The media has settled into its expected narratives around childbirth. In sitcoms, you get sweaty and yell. In movies and documentaries, it never goes as planned, with some bizarre surprise—even the news that you were pregnant in the first place. (To echo almost every woman who has ever been pregnant: How does this show exist?) Magazines feast on documenting the “baby bump,” then waiting for it to disappear postpartum. Chrissy Teigen joins Kim Kardashian and Kate Middleton as another pregnant celebrity whose red carpet photos and Instagram pics make headlines on People’s baby section.
Like almost everything else, pregnancy and childbirth are much harder and messier than we see in the media. Going into my first pregnancy, I knew that. I wasn’t going to give birth according to sitcom timing, and my post-baby body wasn’t going to bounce back like these actresses’. Even when the difficult and wrenching sides of childbearing come up in popular conversation, it’s hard to grasp how gruesome the whole process is.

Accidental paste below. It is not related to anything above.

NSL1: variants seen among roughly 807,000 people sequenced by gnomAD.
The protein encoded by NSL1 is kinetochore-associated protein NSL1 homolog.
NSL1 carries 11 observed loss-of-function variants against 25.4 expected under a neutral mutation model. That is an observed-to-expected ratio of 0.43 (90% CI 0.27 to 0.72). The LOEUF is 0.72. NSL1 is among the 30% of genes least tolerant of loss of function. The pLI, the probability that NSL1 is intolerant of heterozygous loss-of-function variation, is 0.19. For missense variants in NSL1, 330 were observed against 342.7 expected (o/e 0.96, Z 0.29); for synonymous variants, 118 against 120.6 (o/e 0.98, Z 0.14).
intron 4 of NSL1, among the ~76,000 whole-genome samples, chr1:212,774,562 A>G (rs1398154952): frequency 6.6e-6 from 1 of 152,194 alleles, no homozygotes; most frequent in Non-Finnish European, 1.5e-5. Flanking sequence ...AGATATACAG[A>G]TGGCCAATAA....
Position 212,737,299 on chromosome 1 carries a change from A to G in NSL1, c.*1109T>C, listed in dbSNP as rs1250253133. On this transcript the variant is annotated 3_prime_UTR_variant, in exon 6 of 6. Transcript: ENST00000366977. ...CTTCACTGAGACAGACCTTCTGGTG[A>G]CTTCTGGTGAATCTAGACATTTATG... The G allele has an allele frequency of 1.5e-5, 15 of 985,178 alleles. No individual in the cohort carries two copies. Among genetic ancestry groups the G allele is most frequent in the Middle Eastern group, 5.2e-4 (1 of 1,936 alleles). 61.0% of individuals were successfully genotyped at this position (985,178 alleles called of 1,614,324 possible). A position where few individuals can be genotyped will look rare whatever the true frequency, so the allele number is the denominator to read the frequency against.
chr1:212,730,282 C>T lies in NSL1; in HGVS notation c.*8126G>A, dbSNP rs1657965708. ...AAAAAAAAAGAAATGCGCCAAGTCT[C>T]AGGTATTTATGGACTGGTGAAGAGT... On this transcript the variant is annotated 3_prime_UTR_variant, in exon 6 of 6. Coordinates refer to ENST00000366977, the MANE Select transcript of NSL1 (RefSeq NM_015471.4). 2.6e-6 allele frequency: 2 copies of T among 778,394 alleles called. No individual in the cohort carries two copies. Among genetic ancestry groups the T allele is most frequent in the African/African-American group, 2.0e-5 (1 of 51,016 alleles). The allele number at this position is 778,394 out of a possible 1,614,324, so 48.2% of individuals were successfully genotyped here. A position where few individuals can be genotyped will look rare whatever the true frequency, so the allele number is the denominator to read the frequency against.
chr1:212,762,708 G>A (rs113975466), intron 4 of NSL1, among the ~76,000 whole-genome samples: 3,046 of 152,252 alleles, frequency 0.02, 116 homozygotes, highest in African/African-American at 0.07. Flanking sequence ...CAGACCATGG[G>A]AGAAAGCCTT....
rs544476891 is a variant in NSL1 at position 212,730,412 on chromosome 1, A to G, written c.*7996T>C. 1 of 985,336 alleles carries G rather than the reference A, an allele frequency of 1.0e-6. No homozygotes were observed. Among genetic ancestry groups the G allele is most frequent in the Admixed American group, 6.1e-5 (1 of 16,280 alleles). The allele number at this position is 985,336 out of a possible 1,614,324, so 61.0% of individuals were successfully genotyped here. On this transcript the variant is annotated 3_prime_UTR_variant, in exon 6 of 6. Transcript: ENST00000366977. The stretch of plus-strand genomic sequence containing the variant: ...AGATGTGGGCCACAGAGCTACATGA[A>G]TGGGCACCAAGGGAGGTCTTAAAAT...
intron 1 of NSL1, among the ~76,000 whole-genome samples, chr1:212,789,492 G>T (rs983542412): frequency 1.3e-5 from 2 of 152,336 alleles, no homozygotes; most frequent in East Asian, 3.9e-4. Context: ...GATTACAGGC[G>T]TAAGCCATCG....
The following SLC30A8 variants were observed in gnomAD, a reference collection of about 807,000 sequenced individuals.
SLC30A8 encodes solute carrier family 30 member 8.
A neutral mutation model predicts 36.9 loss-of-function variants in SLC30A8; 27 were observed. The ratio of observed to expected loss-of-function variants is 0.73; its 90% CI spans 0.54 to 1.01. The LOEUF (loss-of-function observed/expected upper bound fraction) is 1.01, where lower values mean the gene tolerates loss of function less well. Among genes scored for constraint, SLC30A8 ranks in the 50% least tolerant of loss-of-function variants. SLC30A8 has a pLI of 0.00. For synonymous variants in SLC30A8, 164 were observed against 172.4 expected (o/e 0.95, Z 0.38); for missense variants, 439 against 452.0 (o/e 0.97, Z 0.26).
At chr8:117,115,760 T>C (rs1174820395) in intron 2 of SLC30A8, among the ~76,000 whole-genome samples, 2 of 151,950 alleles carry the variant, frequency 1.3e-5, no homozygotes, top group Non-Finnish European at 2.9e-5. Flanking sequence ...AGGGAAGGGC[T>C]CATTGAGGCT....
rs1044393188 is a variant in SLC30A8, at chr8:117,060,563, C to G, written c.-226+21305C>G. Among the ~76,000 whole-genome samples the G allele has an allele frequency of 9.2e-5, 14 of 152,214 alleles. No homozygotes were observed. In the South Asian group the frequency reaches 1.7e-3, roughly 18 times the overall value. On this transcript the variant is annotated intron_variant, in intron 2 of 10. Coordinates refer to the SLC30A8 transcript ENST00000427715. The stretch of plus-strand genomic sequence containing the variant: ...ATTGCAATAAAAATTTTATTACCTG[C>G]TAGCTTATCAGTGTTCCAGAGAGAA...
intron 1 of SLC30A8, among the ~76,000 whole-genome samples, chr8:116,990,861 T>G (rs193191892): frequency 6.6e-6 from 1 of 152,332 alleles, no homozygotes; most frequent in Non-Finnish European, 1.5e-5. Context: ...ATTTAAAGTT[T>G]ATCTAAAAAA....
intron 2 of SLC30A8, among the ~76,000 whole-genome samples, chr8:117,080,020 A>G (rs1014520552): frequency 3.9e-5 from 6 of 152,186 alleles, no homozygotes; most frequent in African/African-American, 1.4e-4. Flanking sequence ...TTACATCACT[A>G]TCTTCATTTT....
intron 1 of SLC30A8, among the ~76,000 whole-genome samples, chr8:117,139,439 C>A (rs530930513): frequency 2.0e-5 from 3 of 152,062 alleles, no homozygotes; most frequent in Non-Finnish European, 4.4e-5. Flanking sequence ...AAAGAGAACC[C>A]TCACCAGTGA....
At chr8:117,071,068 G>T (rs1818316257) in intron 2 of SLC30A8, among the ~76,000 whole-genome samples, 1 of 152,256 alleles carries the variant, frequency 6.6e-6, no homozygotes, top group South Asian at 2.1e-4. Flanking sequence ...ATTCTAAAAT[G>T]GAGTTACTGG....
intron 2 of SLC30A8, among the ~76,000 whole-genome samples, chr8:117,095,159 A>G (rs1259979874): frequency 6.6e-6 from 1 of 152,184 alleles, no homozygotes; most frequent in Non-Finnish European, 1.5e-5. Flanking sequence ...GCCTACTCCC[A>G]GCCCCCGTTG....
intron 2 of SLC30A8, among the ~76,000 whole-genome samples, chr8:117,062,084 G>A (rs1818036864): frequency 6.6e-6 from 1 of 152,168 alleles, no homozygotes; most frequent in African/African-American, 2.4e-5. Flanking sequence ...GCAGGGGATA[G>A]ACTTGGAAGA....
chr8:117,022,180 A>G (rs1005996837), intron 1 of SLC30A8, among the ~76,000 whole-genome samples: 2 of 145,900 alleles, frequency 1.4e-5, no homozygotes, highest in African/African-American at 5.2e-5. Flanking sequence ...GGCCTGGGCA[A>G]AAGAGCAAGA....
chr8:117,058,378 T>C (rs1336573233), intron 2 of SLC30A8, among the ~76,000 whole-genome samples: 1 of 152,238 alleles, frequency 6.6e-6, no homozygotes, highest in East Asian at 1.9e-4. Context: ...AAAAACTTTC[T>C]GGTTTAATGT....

At a childbirth class my husband and I recently attended, the facilitator listed some of the things to expect after birth—uterine cramping, a swollen postpartum stomach (and its new normal size), bleeding. One new mom raised her hand. “You mean you bleed for awhile after the baby is born? For how long?” Without hesitation I said, “Forever.”
The laughter in the room broke the tension, and the nurse continued. “Four to six weeks. It’s completely normal—part of birth, in fact, but women don’t talk about it much,” she said. “Birth is difficult, but it isn’t scary. Postpartum bodies are different, but they aren’t ...1
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